10 Little-Known Facts About the Preakness Stakes

Written By Darren Cooper on 05/19/2022 - Last Updated on March 21, 2024
Colorado horse betting, Preakness Stakes 2022

Preakness 147 is Saturday.

The venerable race at Pimlico Race Course in Baltimore is the second chapter of horse racing’s famed Triple Crown.

Post time is 5:01 p.m. (MT), and the race airs on NBC.

There will be no Triple Crown winner this year. After shocking the world in the Kentucky Derby, Rich Strike has opted out of the race, and will perhaps run in the Belmont Stakes in three weeks.

We shall see.

In the meantime, it’s a nine-horse Preakness field that features a champion filly, Secret Oath, and the runner-up in the Kentucky Derby, Epicenter.

You don’t need to be in Maryland to bet on the Preakness.

Colorado horse bettors have several options.

Centennial State residents can place their bets in person at Bally’s Arapahoe Park, the state’s lone operating racetrack.

Wagering also is available at the state’s 11 legal off-track betting facilities. Among those OTB locales is the Bally’s Black Hawk Casino DraftKings sportsbook, located at 300 Main St.

In addition to in-person betting, you can easily hit the TVG app (click link below) from the comfort of your couch.

You can also wow your friends with these 10 facts they didn’t know about the Preakness Stakes.

1. It’s a sprint, not a marathon

In the Triple Crown races, the Preakness is the short one at 1 3/16 miles.

By comparison, the Kentucky Derby is 1 1/4 miles and the Belmont is 1 1/2 miles.

Think of it like as track meet, the Kentucky Derby is a middle distance, the Preakness a sprint and the Belmont is a marathon.

It takes a special type of horse to win all three. That’s why there have only been 13 horses to do it in history.

2. The (fake) black-eyed Susans

We all know the Kentucky Derby is the Run for the Roses, with the winner draped in red roses in the winner’s circle.

In the Preakness, officials adorn the winner with black-eyed Susans, the state flower of Maryland.

One problem is, black-eyed Susans bloom in summer. So what you see at the end of the race are Viking poms with the center dyed black.

3. Girl power

Six fillies have won the Preakness Stakes.

Secret Oath is attempting to be the seventh.

The race went 85 years between female winners until Rachel Alexandra won in 2009 just edging Derby champ Mine That Bird.

In 2020, Swiss Skydiver beat Authentic by a neck in an epic two-horse duel. That race took place in October due to the COVID-19 pandemic.

Fillies only carry 121 pounds in a race compared to 126 by the males.

Meanwhile, no female jockey has ever won the Preakness.

4. Older than the Derby

The first Preakness Stakes was run in May 1873. However, if you do the math you realize that 147 races don’t sync up.

That’s because there were years that were lost around 1890 and there are no records of the Preakness running.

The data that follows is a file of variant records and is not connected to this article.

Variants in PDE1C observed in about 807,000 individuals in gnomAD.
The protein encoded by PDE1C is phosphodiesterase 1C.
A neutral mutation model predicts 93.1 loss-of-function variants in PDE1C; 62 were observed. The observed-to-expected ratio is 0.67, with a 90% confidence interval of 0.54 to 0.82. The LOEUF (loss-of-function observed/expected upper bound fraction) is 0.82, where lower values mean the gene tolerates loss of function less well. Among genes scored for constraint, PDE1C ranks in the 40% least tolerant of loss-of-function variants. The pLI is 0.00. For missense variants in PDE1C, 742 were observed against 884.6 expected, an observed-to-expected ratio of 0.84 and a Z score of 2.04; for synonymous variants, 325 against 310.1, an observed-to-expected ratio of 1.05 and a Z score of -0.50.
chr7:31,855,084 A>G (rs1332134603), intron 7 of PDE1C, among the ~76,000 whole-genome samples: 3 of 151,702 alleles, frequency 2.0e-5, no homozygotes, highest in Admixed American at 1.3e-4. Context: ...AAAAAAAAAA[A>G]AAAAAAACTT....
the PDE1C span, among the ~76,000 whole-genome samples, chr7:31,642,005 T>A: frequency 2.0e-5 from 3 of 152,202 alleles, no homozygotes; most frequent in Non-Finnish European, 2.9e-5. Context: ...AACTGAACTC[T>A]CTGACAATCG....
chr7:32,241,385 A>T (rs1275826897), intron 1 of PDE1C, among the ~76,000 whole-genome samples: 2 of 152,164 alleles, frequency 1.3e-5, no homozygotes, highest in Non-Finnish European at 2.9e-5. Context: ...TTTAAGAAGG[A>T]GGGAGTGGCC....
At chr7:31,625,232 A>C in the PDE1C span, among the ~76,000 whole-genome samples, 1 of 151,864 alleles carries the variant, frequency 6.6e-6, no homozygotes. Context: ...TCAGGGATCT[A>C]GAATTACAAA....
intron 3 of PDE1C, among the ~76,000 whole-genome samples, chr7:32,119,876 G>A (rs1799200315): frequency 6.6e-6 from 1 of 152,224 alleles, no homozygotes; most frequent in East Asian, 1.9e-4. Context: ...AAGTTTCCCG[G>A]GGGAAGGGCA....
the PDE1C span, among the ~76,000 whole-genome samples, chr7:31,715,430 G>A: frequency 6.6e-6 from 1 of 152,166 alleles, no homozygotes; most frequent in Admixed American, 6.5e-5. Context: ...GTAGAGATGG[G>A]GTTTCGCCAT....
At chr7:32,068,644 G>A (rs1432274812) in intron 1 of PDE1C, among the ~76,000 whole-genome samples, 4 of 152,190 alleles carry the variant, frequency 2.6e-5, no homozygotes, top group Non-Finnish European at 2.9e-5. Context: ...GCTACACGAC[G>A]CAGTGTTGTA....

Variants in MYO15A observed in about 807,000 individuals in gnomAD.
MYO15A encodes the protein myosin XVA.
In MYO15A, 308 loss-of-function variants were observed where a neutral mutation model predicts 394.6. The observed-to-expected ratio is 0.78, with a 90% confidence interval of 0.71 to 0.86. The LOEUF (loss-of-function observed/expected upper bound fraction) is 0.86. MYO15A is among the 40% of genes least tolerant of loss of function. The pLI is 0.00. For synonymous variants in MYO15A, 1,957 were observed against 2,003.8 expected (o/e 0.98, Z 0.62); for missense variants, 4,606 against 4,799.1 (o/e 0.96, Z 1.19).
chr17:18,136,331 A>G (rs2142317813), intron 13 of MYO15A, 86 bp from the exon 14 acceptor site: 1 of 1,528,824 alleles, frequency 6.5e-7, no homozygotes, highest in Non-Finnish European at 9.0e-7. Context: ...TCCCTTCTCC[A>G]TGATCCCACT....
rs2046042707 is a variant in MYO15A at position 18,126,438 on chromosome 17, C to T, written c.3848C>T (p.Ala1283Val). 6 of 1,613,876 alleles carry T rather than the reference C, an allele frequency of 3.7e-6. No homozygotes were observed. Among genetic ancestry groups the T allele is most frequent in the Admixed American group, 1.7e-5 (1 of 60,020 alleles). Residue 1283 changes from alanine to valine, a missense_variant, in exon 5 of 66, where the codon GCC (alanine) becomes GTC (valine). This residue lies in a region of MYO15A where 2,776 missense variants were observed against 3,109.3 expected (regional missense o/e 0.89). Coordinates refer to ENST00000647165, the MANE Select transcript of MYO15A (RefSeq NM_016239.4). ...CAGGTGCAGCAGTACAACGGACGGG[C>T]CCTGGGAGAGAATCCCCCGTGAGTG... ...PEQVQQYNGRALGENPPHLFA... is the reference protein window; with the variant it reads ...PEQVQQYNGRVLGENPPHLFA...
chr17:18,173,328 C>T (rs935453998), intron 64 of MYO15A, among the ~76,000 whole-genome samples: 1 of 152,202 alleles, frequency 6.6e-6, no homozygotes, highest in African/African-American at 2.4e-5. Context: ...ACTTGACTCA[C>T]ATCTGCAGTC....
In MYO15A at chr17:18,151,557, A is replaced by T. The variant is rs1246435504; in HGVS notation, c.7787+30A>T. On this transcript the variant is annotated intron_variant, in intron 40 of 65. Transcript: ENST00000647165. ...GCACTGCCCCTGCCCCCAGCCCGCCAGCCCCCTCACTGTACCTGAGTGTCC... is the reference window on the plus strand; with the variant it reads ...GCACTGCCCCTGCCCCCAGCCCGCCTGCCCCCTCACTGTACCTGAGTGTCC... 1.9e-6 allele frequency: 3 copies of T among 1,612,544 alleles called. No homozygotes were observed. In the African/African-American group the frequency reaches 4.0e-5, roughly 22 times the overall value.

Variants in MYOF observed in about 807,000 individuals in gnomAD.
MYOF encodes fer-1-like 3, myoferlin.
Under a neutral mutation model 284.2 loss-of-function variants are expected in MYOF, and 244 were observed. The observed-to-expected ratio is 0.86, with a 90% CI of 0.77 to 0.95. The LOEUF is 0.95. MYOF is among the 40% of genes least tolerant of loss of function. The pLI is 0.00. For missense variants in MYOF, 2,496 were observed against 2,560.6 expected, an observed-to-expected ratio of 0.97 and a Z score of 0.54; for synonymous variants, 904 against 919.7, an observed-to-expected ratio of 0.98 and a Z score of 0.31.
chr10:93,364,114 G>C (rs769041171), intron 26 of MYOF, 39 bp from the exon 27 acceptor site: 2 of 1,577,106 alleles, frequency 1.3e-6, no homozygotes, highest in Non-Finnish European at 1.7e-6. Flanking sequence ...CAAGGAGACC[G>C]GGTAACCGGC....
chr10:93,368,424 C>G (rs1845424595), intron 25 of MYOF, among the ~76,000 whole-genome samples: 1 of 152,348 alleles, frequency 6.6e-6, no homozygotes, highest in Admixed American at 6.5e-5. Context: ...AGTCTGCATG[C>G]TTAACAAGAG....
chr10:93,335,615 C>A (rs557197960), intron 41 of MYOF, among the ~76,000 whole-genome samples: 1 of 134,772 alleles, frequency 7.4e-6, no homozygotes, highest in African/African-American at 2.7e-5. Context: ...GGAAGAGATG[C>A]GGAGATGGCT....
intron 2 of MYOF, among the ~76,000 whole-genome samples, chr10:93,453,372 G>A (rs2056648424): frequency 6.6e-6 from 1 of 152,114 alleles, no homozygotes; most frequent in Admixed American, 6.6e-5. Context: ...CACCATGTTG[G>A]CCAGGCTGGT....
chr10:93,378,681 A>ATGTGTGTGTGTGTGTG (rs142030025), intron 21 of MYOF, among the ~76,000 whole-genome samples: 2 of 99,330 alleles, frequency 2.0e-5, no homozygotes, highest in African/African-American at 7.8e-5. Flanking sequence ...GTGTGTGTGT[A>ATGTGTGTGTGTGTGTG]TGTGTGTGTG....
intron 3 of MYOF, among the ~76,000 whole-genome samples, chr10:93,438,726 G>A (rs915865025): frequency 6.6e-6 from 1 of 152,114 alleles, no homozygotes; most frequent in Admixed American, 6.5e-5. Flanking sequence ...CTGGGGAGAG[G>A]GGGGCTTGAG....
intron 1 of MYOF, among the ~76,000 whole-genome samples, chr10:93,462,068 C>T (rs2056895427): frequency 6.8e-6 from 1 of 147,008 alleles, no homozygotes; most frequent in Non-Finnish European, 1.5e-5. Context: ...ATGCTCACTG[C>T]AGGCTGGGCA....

So while the first Kentucky Derby was run in 1875, it claims to have been contested more times than the Preakness.

5. Not just Maryland

So….those lost Preakness races, research indicates that for a 15-year span the Preakness was held at Gravesend Race Track near Coney Island, N.Y. from 1894 to 1908.

It came back to Pimlico in 1909.

6. The fastest time (probably)

Secretariat, the GOAT horse, was originally clocked at 1:53.4 when he won in 1973.

But technology has changed.

And in 2012, the Maryland Racing Commission used a new timing system to show that Secretariat covered the 1 3/16 miles in 1:53.0.

7. Master of the longshot

Master Derby is a great name for a horse, but he was a tepid fourth in the 1975 Kentucky Derby.

In the Preakness, Master Derby went off with  23-1 odds but beat Derby champion Foolish Pleasure by a length.

He still stands as the longest shot to ever win the Preakness.

8. What’s the luckiest post position?

Horse racing fans like to use any tidbit of luck or coincidence. This year’s Preakness features nine horses.

Post position 6 (this year it has long shot Happy Jack) has produced the most winners in Preakness history with 16 coming from that chute.

Post 7 (Armagnac) and Post 4 (Secret Oath) have each produced 14 winners. Is that a good omen?

Twelve winners have come from Posts 1, 2, 3 and 5.

9. Painting the weathervane

A few minutes after the race ends, NBC will pan up to the weathervane at Pimlico.

There, a painter will already be hard at work painting the colors of the winning horse and his (or her) number.

It’s the only Triple Crown race with such a tradition.

Artwork is a theme at Pimlico. There are seven murals located all around the grandstand.

10. Not a vase for flowers

The owners of the Preakness winner are awarded the 3-foot tall, 30-pound silver Woodland Vase, which was created by Tiffany and Co. in 1860.

The prize, valued at $1 million, went from owner to owner until 1953 when the owners of Native Dancer decided they didn’t want to be personally responsible for the jewel.

Now winners get a sterling replica of the vase while the original is held at the Baltimore Museum of Art.

Photo by AP / Nick Wass
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Darren Cooper

Darren Cooper was born and raised in Southern Louisiana, just a short pirogue ride away from New Orleans. He started his journalism career at the New Orleans Times-Picayune and has been a writer and columnist in New Jersey since 1998. He's won 14 statewide press awards and earned his first Associated Press Sports Editors Top 10 award in 2022.

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